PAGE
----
I'm working with a custom binary 'operation' $F$ which takes $x, y$ and produces $F[x, y]$, where the possible arguments are already given by some list $\{ \text{one}, a, b, c, d, x, y, e, f\}$ where $\text{one}, x, y$ are ‘special’ as they have simplification rules given below. I need to deal with ‘monomial’ expressions like

F[b, F[x, F[x, F[x, F[y, F[y, F[e, e]]]]]]]

In general, I can encounter linear combinations of these ‘monomial’ expressions, but the coefficients may be symbolic (assuming a valid coefficient is any expression not appearing in the earlier list of variables). For instance I can encounter the expression

2*m*F[a, F[x, y]] - 10*m^2*F[d, F[x, F[f, f]]]

I need to implement the following simplification rules:

  • $F[x, y]$ and $F[y, x]$ each simplify to $\text{one}$.
  • Both $F[\text{one}, z]$ and $F[z, \text{one}]$ simplify to $z$, where $z$ is some larger expression.
  • If $x, y$ appear next to one another as arguments in these nested expressions, they can be eliminated. For instance $F[a, F[x, F[y, e]]]$ has an $x$ and $y$ 'next to' one another, so will simplify to $F[a, e]$.

Work so far

My attempt involves taking a monomial expression like $F[b, F[x, F[x, F[x, F[y, F[y, F[e, e]]]]]]]$, extracting the arguments to a list $\{b, x, x, x, y, y, e, e\}$, counting the pairs and then removing them to be left with ${b, x, e, e}$. Then I take this list and recreate the expression $F[b, F[x, F[e, e]]]$.

My code is below – I'm not attached to it if someone has a better approach. Also I’m not a coder and fairly new to Mathematica so please excuse any messiness/clumsiness in my code.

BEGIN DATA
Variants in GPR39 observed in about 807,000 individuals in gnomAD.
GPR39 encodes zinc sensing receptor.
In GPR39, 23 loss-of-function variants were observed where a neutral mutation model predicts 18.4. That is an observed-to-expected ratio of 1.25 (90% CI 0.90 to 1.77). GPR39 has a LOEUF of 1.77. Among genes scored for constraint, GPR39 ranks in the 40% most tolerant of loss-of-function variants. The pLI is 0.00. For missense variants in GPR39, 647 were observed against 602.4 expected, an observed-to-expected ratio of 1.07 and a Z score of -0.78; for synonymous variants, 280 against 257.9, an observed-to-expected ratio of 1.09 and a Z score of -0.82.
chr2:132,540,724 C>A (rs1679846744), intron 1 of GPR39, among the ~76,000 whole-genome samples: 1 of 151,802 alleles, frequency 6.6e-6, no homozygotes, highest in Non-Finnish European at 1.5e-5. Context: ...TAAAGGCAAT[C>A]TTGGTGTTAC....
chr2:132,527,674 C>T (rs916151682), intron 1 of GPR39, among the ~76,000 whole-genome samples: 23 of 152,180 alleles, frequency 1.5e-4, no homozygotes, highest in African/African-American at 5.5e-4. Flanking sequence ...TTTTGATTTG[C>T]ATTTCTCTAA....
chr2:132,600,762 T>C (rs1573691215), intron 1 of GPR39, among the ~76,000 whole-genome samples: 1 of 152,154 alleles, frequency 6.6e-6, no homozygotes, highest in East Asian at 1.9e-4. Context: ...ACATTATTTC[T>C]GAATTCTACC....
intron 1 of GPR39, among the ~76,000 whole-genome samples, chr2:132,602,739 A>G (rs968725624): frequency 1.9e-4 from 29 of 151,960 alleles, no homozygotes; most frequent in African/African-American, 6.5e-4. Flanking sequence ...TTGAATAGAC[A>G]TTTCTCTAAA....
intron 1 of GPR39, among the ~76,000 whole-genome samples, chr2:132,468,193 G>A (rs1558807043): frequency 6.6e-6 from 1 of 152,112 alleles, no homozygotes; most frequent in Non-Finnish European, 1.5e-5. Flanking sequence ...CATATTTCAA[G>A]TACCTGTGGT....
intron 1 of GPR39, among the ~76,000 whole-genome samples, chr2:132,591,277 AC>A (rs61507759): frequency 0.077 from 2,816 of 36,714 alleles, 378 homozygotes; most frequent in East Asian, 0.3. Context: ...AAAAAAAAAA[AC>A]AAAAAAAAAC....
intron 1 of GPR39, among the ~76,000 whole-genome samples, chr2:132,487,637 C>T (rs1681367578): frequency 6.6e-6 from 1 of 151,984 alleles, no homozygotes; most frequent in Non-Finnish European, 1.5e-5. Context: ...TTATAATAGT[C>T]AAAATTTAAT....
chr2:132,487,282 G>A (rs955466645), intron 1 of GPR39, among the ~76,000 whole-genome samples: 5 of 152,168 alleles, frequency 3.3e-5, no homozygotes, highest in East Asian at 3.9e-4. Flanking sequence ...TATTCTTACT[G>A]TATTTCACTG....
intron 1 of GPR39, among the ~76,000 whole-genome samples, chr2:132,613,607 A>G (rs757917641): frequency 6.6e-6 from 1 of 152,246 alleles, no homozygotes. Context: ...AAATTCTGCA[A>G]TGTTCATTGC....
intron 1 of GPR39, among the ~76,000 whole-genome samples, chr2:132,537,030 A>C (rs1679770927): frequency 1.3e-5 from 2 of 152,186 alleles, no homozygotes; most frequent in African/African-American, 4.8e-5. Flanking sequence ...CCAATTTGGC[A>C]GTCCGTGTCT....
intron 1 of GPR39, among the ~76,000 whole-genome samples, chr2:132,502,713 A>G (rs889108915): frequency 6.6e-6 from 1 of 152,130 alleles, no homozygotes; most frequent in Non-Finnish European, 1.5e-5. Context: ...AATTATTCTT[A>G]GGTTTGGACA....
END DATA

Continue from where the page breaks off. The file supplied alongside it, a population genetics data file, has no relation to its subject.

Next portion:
FLoop[2,myArgs_]:=F[myArgs[[Length[myArgs]-1]], myArgs[[Length[myArgs]]]];

FLoop[loopLevel_,myArgs_]:=F[myArgs[[Length[myArgs]-loopLevel+1]], FLoop[loopLevel-1, myArgs]];

ExtractArgumentStep[expr_, list_,0]:=list~Join~{ expr }

ExtractArgumentStep[expr_, list_, checkMore_]:=ExtractArgumentStep[expr[[2]],list~Join~{ expr[[1]]}, Length[expr[[2]]]]

   arguments={ expr[[1]], expr[[2]]},
   ExtractArgumentStep[expr, {},Length[expr[[2]]]]

RemoveCancellingPairs[field_, field1_, field2_] := Module[
  {fieldArguments, numFirstField, numSecondField, numPairs, 
   newfieldArguments, newField},
  fieldArguments = ExtractArguments[field];
  numFirstField = Count[fieldArguments, field1];
  numSecondField = Count[fieldArguments, field2];
  numPairs = Min[numFirstField, numSecondField];
  newfieldArguments = 
    fieldArguments, {numPairs, numPairs} -> {field1, field2}];
  If[Length[newfieldArguments] == 0,
   newField = One,
   If[Length[newfieldArguments] == 1,
    newField = newfieldArguments[[1]],
    newField = NOLoop[Length[newfieldArguments], newfieldArguments]

testExpr1=F[b, F[x, F[x, F[x, F[y, F[y, F[e, e]]]]]]];
RemoveCancellingPairs[testExpr1, x, y]

testExpr2=2*m*a - 10*m^2*F[d, F[x, F[f, f]]]
RemoveCancellingPairs[testExpr2, x, y]

Current Issue

The issue is this code only works for monomial expressions. For instance testExpr1 seems to work, but testExpr2 does not due to the sum and 'coefficients'. If I have linear combinations, it fails. For instance testExpr2 should simplify to

2*m*a - 10*m^2*F[d, F[x, F[f, f]]]

This is exactly the result of taking